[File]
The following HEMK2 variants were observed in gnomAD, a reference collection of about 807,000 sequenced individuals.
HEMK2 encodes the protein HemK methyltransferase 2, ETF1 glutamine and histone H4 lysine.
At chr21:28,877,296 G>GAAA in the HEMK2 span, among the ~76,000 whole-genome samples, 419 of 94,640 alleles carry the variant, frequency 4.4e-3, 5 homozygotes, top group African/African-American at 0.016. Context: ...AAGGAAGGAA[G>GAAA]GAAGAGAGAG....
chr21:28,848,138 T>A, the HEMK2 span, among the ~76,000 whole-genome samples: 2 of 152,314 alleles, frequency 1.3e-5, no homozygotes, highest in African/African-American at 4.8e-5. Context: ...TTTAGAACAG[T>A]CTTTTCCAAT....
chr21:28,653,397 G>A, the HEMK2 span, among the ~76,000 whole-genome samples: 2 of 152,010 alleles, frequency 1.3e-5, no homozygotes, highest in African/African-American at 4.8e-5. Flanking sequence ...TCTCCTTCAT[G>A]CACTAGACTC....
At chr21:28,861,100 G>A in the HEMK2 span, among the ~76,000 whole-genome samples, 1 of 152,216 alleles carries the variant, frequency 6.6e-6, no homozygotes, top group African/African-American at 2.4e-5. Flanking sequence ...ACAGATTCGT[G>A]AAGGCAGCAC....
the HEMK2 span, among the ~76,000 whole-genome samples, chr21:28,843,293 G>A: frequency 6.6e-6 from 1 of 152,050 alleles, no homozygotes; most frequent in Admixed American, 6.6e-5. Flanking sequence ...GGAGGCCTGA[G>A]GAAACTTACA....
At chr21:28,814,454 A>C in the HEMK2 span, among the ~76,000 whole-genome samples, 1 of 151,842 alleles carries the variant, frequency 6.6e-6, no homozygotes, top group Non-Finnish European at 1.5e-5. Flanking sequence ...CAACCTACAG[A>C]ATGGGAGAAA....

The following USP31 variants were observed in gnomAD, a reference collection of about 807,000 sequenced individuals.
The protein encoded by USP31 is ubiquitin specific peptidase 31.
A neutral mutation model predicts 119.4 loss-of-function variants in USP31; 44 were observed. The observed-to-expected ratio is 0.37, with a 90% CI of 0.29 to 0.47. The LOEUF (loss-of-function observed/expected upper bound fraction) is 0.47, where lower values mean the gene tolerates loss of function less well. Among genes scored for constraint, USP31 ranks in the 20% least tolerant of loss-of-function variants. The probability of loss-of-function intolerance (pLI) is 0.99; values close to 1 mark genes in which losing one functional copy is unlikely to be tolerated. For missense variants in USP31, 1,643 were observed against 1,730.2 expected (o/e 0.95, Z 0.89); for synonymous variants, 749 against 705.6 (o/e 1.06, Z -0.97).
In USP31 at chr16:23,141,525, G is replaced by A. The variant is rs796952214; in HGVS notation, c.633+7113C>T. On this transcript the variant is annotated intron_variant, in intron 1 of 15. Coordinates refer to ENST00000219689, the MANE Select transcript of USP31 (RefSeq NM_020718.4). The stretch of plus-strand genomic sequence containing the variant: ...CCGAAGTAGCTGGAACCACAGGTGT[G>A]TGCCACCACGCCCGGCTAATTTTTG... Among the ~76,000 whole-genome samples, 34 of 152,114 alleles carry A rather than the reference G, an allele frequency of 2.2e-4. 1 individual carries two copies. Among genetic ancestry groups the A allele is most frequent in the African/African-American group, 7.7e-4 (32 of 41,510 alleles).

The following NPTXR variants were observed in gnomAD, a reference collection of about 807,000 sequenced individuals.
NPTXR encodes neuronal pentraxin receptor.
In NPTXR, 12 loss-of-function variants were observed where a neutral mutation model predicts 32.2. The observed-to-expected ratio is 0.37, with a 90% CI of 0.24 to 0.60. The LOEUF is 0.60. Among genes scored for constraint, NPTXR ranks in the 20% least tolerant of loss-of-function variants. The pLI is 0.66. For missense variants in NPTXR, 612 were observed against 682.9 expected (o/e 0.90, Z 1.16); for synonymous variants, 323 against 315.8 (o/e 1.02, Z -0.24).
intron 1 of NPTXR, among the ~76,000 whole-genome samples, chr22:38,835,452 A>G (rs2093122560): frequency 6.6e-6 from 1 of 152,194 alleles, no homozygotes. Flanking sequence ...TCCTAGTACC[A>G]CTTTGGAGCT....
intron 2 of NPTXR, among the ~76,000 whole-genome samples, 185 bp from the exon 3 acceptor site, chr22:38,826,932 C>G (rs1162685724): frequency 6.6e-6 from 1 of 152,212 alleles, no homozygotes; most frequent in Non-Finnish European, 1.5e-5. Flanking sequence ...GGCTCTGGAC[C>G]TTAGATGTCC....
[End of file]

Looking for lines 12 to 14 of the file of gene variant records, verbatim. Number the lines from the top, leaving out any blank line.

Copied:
In USP31 at chr16:23,141,525, G is replaced by A. The variant is rs796952214; in HGVS notation, c.633+7113C>T. On this transcript the variant is annotated intron_variant, in intron 1 of 15. Coordinates refer to ENST00000219689, the MANE Select transcript of USP31 (RefSeq NM_020718.4). The stretch of plus-strand genomic sequence containing the variant: ...CCGAAGTAGCTGGAACCACAGGTGT[G>A]TGCCACCACGCCCGGCTAATTTTTG... Among the ~76,000 whole-genome samples, 34 of 152,114 alleles carry A rather than the reference G, an allele frequency of 2.2e-4. 1 individual carries two copies. Among genetic ancestry groups the A allele is most frequent in the African/African-American group, 7.7e-4 (32 of 41,510 alleles).

The following NPTXR variants were observed in gnomAD, a reference collection of about 807,000 sequenced individuals.
NPTXR encodes neuronal pentraxin receptor.